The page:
An informal and Candid Conversation with female leaders in television with Sarah Aubrey (EVP of TNT Programming) Janine Sherman Barrois (EP Warner Bros) Dakota Fanning (Actor), Tonya Lewis Lee (producer and cofounder Tonik Productions) and Amy Powell (President Paramount Television)
A panel of high profile executives and actors tell all on surviving the past 10 years in a white male world. Surprising and inspiring were the examples of positive stories about male colleagues that supported their ambitions. It was indeed a revealing and interesting angle on what has been up until now, (and rightly so of course) a conversation that unearthed a myriad of inequities and discrimination by men in power.
What has been lost in the noise have been the positive narrative of men and male bosses who have supported and encouraged women in their teams to flourish. Despite equally devastating stories that were told – the overriding one being “you had to pretend like you don’t have kids” , the audience was left feeling a sense of hope that change was happening.
It is indeed a very rare business to have more than one woman on a team running a TV show, and as this has started to become more common, it has literally created a massive commercial opportunity for diverse audiences to connect to characters that represented their experiences , hopes dreams and fears. That entertained them as well as moved them the way great art and entertainment can.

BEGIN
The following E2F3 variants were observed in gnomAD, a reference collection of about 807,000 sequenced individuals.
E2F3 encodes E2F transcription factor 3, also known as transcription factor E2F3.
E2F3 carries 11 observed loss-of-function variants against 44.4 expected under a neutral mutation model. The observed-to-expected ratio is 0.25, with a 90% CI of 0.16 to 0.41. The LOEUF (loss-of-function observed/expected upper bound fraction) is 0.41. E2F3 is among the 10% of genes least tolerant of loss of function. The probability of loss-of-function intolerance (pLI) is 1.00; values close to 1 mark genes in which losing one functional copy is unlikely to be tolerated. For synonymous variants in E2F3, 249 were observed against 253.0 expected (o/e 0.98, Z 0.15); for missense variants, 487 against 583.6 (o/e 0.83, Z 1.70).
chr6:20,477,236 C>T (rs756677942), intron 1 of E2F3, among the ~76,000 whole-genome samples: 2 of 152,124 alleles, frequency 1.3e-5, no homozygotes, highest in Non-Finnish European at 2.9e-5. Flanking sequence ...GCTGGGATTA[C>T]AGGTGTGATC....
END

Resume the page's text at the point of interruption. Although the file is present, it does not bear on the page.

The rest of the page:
Back home, given the recent Lisa Wilkinson pay fiasco, and Jessica Rowe leaving Network 10 to spend more time with the family, The lessons for Australian Television executives are relevant.
The four key lessons:
- Don’t ask what current salary is to any potential new hire. A new law in California has had a profound effect on pay parity by preventing studio bosses from asking what the actors or staff behind the scenes last quote was (how much did they earn). In practice, everyone gets the same contract and then it’s a matter of negotiation. This has had a significant impact on the salaries being equalised over the past year or so.
- Develop your talent by sending them on the trips/assignments you don’t have to do. Both Sarah Aubrey and Amy Powell, with young children, worked collaboratively to work out a way to minimise overseas travel for the hugely successful Alienist (a show set in 1896, when the first woman, played by Dakota Fanning, joined the New York Police department. They worked out a way to avoid a number of trips, in agreement with each other, and sent more junior members of the team to do the work overseas. The positive outcome of that was they were building a talent pipeline for the future by enabling more junior women and men to get firsthand experience and they were still able to send time with their families.
- Hire for potential, not just experience. As there has been many years of systemic and unconscious discrimination, identify key skills that can be demonstrated in ways other than direct work experience. Sherman-Barrois had never directed before and as an accomplished writer didn’t think she could and was encouraged to with great success. Likewise, Amy Powell had no TV experience but her male bosses were 100% supportive and enabled her to thrive by offering her opportunities.
- Notice the subtle ways women and other groups may be excluded. Dakota Fanning’s manager insisted that Fanning was part of the marketing collateral for Alienist, along with the two key male actors. The marketing team resisted being confined “creatively” but it was a deal breaker for Fanning and therefore the collateral had to include her in the marketing. Not an unreasonable request given the whole series was about the first woman to join the NYC Police department!